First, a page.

Staphylococcus aureus is a gram-positive, enterotoxin-producing coccus. It is a hardy organism and known to survive over a wide range of water activities, pH values, and temperatures. The objective of this study was to model the survival or gradual inactivation of S. aureus ATCC 13565 in intermediate moisture foods (IMFs). Various initial concentrations (∼101, 102, 103, and 104 CFU/g) were used to inoculate three different IMFs (beefsteak, bread, and chicken pockets). Viable counts were determined up to 60 days using tryptic soy agar. Inoculum size did not influence the survival or gradual inactivation of S. aureus in these foods. The rate of change (increase or decrease) in log CFU/day was calculated for every consecutive pair of data points and by linear regression for each inactivation curve. Both consecutive pair and linear regression rates of change were fit to logistic distributions (with parameters α and β) for each food. Based on the distribution parameters, survival or gradual inactivation of S. aureus was predicted by computer simulation. The simulations indicated an overall decline in S. aureus population over time, although a small fraction of samples in the consecutive pair simulation showed a slight population increase even after 60 days, consistent with the observed data. Simulation results were compared to predictions from other computer models. The models of Stewart et al. were fail-safe, predicting the possibility of significant growth only after >3,000 days. The USDA pathogen modeling program predictions were found to be fail-dangerous, predicting declines at least four times faster than observed.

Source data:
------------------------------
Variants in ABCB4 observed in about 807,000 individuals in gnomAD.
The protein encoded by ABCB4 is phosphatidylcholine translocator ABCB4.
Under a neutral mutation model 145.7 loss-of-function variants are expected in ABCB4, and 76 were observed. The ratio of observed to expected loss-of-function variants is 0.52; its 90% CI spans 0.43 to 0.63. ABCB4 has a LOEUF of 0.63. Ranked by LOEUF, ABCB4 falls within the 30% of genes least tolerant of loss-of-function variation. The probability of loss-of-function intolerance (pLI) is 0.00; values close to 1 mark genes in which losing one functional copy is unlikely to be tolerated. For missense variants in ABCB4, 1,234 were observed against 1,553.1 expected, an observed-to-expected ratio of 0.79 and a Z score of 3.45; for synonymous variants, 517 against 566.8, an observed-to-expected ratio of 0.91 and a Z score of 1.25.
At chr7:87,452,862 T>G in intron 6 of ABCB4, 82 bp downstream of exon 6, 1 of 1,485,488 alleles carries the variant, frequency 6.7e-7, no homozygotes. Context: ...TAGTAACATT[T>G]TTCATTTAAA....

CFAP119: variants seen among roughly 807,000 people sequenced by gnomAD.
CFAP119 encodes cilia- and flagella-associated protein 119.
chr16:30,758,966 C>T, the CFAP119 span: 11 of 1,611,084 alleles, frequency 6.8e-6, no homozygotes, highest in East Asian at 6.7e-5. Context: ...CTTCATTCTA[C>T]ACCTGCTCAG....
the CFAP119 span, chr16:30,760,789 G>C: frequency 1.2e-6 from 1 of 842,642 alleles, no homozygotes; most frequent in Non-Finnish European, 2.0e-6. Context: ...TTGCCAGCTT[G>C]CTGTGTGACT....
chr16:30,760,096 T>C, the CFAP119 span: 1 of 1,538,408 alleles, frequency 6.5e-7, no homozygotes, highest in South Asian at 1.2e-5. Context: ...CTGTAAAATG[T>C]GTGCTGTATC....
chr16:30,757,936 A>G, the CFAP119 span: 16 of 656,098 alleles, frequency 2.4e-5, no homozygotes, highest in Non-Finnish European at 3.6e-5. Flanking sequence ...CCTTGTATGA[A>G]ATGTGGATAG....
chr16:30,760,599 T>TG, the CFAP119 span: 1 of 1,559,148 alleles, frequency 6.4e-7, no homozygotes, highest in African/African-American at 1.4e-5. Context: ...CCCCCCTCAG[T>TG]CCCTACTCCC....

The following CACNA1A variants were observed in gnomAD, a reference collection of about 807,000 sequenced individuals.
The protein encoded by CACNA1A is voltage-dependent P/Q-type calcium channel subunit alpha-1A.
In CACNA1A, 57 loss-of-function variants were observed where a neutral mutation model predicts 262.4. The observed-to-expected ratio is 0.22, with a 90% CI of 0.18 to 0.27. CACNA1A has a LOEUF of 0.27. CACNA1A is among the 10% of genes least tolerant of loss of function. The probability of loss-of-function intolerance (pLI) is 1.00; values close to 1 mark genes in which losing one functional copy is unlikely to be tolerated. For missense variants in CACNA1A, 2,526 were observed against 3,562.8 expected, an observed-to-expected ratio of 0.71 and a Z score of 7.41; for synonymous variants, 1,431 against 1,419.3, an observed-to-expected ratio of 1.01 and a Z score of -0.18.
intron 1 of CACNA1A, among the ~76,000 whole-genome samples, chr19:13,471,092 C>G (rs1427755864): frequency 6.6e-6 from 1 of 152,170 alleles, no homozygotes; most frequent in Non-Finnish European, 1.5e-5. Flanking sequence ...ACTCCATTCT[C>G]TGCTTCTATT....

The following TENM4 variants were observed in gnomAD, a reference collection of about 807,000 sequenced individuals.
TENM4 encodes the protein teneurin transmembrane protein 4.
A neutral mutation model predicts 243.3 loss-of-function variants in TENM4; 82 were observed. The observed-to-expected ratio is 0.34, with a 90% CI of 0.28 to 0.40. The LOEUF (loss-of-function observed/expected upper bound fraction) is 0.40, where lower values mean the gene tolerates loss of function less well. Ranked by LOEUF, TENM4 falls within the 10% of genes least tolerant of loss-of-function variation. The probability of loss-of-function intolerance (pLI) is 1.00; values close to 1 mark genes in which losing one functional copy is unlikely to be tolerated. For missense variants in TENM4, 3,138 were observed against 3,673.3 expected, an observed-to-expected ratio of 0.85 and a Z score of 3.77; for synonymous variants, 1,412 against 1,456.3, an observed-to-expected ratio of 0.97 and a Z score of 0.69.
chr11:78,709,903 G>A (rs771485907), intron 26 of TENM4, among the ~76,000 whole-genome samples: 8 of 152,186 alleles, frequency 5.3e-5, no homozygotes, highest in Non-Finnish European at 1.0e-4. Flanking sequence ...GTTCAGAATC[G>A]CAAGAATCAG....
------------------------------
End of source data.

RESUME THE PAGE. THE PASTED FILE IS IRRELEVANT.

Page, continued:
All Science Journal Classification (ASJC) codes
- Safety, Risk, Reliability and Quality
- Physiology (medical)
- Intermediate moisture foods
- Probability distribution functions
- Staphylococcus aureus ATCC 13565